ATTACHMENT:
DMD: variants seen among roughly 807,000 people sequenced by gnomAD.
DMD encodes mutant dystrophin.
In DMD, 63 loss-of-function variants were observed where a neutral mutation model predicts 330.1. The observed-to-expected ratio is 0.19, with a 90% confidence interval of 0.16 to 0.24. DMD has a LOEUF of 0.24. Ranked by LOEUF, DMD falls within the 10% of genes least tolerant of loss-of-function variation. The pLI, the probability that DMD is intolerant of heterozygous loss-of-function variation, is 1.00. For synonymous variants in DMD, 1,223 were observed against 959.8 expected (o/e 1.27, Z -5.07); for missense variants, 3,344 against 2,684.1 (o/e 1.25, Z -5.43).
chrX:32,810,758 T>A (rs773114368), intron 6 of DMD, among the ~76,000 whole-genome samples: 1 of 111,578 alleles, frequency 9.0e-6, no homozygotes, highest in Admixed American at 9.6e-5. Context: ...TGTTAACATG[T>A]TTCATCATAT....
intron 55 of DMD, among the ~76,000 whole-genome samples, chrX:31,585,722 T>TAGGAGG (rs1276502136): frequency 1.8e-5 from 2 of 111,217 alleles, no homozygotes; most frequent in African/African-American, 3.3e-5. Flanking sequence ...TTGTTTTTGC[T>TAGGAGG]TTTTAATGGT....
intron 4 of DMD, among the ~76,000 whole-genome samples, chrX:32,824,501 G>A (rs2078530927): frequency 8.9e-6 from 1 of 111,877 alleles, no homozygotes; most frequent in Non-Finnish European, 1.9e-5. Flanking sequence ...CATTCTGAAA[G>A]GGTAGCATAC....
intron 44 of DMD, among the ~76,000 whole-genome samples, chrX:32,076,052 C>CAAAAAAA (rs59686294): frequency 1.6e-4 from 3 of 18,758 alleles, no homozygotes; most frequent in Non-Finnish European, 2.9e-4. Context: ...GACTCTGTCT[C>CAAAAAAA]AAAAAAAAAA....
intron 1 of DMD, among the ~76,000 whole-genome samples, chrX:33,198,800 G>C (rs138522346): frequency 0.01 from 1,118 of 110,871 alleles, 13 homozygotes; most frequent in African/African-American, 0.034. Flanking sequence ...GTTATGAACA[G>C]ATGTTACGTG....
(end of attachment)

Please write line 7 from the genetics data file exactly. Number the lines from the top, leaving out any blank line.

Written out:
intron 44 of DMD, among the ~76,000 whole-genome samples, chrX:32,076,052 C>CAAAAAAA (rs59686294): frequency 1.6e-4 from 3 of 18,758 alleles, no homozygotes; most frequent in Non-Finnish European, 2.9e-4. Context: ...GACTCTGTCT[C>CAAAAAAA]AAAAAAAAAA....